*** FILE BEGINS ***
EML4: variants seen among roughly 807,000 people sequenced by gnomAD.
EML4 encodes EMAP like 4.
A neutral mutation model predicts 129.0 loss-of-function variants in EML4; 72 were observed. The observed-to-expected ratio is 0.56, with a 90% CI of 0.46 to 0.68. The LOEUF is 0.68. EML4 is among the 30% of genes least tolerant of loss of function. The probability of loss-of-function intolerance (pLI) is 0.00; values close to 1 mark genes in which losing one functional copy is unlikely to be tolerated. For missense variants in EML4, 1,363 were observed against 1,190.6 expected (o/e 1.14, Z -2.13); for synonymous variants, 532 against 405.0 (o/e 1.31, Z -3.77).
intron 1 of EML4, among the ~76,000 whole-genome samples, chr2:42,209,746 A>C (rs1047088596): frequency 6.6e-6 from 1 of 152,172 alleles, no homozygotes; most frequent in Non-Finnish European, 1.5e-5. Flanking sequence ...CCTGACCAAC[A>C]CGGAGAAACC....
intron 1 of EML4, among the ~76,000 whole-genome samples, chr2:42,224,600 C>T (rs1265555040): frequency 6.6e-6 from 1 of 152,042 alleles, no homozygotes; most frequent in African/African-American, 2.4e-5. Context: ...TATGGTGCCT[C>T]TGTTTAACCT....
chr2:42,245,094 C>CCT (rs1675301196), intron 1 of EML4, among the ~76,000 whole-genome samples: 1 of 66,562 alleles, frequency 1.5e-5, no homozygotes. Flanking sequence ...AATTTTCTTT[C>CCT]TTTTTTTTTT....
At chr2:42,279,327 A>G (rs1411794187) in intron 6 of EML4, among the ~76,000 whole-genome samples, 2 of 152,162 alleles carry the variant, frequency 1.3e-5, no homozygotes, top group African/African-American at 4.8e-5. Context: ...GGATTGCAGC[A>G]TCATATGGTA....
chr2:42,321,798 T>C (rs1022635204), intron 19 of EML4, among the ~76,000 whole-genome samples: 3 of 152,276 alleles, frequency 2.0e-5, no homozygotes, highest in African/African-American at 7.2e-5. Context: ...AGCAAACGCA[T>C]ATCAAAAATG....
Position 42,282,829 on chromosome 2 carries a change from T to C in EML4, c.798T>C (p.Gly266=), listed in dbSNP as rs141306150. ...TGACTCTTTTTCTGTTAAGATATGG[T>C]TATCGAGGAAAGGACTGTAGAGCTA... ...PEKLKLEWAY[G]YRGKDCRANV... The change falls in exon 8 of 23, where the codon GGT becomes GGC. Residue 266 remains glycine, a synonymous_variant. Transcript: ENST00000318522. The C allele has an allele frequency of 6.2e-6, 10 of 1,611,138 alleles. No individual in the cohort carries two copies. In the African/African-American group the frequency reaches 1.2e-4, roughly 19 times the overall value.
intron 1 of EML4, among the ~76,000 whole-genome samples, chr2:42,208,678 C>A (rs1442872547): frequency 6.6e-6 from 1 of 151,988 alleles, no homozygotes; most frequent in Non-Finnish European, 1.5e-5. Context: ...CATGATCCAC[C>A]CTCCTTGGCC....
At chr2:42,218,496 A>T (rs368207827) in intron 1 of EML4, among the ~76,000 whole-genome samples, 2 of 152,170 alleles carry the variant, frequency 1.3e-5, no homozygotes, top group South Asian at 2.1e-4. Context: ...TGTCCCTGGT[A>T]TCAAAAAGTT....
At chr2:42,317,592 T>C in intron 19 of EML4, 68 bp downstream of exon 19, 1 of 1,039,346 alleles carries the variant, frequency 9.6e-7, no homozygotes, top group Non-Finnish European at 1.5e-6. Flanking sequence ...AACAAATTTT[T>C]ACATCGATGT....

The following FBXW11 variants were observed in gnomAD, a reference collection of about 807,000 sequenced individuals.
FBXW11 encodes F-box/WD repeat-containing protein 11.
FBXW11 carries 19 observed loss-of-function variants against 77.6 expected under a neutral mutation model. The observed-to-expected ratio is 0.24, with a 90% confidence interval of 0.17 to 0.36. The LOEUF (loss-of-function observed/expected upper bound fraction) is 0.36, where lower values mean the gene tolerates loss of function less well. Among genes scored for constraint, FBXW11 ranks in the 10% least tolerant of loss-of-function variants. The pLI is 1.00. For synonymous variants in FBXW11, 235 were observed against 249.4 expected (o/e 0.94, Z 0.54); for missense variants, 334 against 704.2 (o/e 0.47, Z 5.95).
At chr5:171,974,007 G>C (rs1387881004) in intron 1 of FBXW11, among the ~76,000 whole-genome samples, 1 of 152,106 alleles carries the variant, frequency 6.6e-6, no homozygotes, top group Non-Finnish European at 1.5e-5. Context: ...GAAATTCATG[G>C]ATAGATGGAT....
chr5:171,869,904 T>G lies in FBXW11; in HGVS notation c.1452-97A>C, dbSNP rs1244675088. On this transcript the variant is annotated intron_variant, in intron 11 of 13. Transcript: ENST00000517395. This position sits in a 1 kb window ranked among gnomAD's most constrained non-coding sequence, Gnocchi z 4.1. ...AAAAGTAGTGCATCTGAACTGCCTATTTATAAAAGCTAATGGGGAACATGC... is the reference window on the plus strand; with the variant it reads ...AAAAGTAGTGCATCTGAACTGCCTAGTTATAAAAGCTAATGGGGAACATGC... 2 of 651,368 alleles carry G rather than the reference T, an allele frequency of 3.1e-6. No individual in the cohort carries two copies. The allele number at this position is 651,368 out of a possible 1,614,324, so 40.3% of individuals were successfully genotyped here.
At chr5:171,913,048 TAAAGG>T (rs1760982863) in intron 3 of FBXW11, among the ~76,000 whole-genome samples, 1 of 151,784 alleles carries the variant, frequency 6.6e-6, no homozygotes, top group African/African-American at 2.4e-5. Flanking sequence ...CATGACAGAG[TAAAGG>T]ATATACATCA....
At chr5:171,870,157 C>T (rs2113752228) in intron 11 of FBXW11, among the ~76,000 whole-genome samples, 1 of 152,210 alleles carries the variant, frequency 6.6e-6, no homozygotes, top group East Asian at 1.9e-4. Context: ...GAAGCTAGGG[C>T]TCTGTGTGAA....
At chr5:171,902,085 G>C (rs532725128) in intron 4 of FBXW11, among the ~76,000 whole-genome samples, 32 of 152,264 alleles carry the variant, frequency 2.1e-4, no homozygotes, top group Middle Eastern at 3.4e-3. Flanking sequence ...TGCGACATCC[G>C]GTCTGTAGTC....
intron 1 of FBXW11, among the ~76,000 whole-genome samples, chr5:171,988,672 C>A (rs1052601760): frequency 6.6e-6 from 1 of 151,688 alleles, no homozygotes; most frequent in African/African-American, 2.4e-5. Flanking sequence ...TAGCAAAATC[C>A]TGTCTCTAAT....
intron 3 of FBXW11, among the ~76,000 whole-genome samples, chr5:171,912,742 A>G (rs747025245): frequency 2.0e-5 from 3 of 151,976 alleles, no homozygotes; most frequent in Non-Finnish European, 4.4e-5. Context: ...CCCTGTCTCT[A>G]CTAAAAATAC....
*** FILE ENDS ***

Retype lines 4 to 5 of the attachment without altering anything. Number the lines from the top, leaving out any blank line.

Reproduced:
intron 1 of EML4, among the ~76,000 whole-genome samples, chr2:42,209,746 A>C (rs1047088596): frequency 6.6e-6 from 1 of 152,172 alleles, no homozygotes; most frequent in Non-Finnish European, 1.5e-5. Flanking sequence ...CCTGACCAAC[A>C]CGGAGAAACC....
intron 1 of EML4, among the ~76,000 whole-genome samples, chr2:42,224,600 C>T (rs1265555040): frequency 6.6e-6 from 1 of 152,042 alleles, no homozygotes; most frequent in African/African-American, 2.4e-5. Context: ...TATGGTGCCT[C>T]TGTTTAACCT....